Biological activates

Some produced compounds (2, 4, and 5) were examined for biological activity against a variety of bacterial strains. Agar well diffusion method was used to isolate bacteria (Staphylococcus aureus, Pseudomonas aeroginosa, E. coli, and Klebsiella). Anti-bacterial results are presented in Table 3.


In this study, Schiff bases have been synthesized, derivatives with new heterocyclic compound as (oxazepine, tetrazole, β-Lactam) with characterization

  1. Spectral data (FT-IR, 1H-NMR) to verify the suggested structures.
  2. The prepared compounds proved to be resistant to some types of bacteria and fungi these compound have medical application.


The authors thank the staff of the Department of Chemistry, College of Science, University of Baghdad for achieving this work well. Likewise, they are to grateful Biologist Qabas Nather Latef from the College of Pharmacy/ Al-Mustansiriya University for helping to complete the biological activity tests and obtaining the Candida isolates from Karkh General Hospital.


Weam Neamah Nayyef Mezaal: https://orcid.org/0000-0002-7757-5270


How to cite this article: Weam Neamah Nayyef Mezaal*, Sanaa A. ALsahib. Synthesis and characterization of new derivatives using Schiff’s bases for alcoholic extract of (Cordia myxa) medical plant. Eurasian Chemical Communications, 2022, 4(11), 1054-1061. Link: http://www.echemcom.com/article_152250.html


Copyright © 2022 by SPC (Sami Publishing Company) + is an open access article distributed under the Creative Commons Attribution License(CC BY)  license  (https://creativecommons.org/licenses/by/4.0/), which permits unrestricted use, distribution, and reproduction in any medium, provided the original work is properly cited.

[1] I.E. Orhan, Biotechnological production, Bentham ebook, 2012, 107. [crossref], [Google Scholar], [Publisher]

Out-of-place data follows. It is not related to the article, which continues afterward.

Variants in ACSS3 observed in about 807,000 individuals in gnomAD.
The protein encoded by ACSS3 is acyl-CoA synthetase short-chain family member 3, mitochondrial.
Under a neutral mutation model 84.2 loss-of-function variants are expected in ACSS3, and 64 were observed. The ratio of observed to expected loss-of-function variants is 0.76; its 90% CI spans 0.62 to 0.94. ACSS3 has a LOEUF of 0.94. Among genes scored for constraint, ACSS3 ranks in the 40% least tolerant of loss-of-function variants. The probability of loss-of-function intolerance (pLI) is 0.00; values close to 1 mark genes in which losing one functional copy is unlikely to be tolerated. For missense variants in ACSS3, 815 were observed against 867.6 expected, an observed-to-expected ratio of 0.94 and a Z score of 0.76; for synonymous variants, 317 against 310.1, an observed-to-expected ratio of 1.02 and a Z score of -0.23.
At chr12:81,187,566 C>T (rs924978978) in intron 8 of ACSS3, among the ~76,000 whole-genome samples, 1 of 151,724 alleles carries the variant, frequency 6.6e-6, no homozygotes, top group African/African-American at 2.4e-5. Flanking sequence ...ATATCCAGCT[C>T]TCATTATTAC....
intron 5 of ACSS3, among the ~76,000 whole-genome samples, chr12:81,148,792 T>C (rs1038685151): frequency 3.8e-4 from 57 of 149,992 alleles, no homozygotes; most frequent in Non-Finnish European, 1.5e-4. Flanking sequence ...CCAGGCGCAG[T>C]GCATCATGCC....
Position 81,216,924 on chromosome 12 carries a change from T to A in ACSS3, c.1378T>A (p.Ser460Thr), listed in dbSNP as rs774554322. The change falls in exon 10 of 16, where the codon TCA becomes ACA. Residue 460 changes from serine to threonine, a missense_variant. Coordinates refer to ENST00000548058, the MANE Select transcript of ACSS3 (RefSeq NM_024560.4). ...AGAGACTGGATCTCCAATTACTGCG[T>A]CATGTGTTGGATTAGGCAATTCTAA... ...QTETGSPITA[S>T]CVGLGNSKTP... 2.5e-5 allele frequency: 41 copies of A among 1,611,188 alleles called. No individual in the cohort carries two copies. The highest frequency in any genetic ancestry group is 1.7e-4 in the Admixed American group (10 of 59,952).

[2] A. Allaq, N. Sidik, A. Abdul-Aziz, I. Ahmed, Biomed. Res. Ther., 2020, 7, 4016-4021. [crossref], [Google Scholar], [Publisher]
[3] M.F. Khan, T. Ahamad, P. Rawat, Insights Biomed., 2017, 2, 3-16. [crossref], [Google Scholar]
[4] M.J. Oza, Y.A. Kulkarni, J. Pharm. Pharmacol., 2017, 69, 755-789. [crossref], [Google Scholar], [Publisher]
[5] P. Singh, R. Raj, P. Singh, J. Gut, P.J. Rosenthal, V. Kumar, Eur. J. Med. Chem., 2014, 71, 128-134. [crossref], [Google Scholar], [Publisher]
[6] N. Kaushik, N. Kumar, A. Kumar, U.K. Singh, Immunology, Endocrine & Metabolic Agents in Medicinal Chemistry (Formerly Current Medicinal Chemistry-Immunology, Endocrine and Metabolic Agents), 2018, 18, 3-21. [crossref], [Google Scholar], [Publisher]
[7] R.F. Muslim, H.M. Tawfeeq, M.N. Owaid, O.H. Abid, ACTA Pharm. Sci., 2018, 56. [crossref], [Google Scholar], [Publisher]
[8] A.M Al-Azzawi, A.A.A.K. Raheem, J. Sci., 2017, 58, 1790-1801. [crossref], [Google Scholar], [Publisher]
[9] R.A. Khdur, E.H. Zimam, Orient. J. Chem., 2018, 34, 371-380. [crossref], [Google Scholar], [Publisher]
[10] I.K. Jassim, I.M. Hassan, Baghdad Science Journal, 2016, 13. [crossref],  [Google Scholar]
[11] J. Tomma, E. Ali, I. Tomi, Z. Al-Witry, H. Hassan, Al Mustansiriya J. Sci., 2011, 22, 35-44. [Google Scholar], [Publisher]